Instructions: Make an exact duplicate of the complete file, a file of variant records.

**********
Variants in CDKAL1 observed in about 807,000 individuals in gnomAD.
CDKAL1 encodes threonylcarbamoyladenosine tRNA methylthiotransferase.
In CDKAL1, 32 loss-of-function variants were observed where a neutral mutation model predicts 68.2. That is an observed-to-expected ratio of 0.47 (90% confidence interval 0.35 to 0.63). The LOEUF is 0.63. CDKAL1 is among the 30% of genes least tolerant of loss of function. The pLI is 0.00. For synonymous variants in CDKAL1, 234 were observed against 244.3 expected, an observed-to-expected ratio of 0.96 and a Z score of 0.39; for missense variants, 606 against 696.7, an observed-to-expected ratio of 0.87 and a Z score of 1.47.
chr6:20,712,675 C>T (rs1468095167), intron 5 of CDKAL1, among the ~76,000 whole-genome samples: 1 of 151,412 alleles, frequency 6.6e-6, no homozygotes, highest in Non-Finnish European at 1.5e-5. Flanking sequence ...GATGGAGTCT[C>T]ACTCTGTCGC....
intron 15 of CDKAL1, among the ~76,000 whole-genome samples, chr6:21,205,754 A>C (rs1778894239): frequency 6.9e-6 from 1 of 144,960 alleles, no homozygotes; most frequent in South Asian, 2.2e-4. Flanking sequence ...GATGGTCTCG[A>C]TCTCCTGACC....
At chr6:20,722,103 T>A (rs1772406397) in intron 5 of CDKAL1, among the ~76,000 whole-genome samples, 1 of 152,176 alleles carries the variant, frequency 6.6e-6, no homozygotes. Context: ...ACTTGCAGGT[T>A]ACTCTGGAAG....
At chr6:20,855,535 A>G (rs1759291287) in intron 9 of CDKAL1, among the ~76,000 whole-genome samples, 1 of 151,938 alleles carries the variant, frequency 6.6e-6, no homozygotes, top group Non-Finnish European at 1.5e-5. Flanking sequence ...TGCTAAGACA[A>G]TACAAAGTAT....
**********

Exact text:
Variants in CDKAL1 observed in about 807,000 individuals in gnomAD.
CDKAL1 encodes threonylcarbamoyladenosine tRNA methylthiotransferase.
In CDKAL1, 32 loss-of-function variants were observed where a neutral mutation model predicts 68.2. That is an observed-to-expected ratio of 0.47 (90% confidence interval 0.35 to 0.63). The LOEUF is 0.63. CDKAL1 is among the 30% of genes least tolerant of loss of function. The pLI is 0.00. For synonymous variants in CDKAL1, 234 were observed against 244.3 expected, an observed-to-expected ratio of 0.96 and a Z score of 0.39; for missense variants, 606 against 696.7, an observed-to-expected ratio of 0.87 and a Z score of 1.47.
chr6:20,712,675 C>T (rs1468095167), intron 5 of CDKAL1, among the ~76,000 whole-genome samples: 1 of 151,412 alleles, frequency 6.6e-6, no homozygotes, highest in Non-Finnish European at 1.5e-5. Flanking sequence ...GATGGAGTCT[C>T]ACTCTGTCGC....
intron 15 of CDKAL1, among the ~76,000 whole-genome samples, chr6:21,205,754 A>C (rs1778894239): frequency 6.9e-6 from 1 of 144,960 alleles, no homozygotes; most frequent in South Asian, 2.2e-4. Flanking sequence ...GATGGTCTCG[A>C]TCTCCTGACC....
At chr6:20,722,103 T>A (rs1772406397) in intron 5 of CDKAL1, among the ~76,000 whole-genome samples, 1 of 152,176 alleles carries the variant, frequency 6.6e-6, no homozygotes. Context: ...ACTTGCAGGT[T>A]ACTCTGGAAG....
At chr6:20,855,535 A>G (rs1759291287) in intron 9 of CDKAL1, among the ~76,000 whole-genome samples, 1 of 151,938 alleles carries the variant, frequency 6.6e-6, no homozygotes, top group Non-Finnish European at 1.5e-5. Flanking sequence ...TGCTAAGACA[A>G]TACAAAGTAT....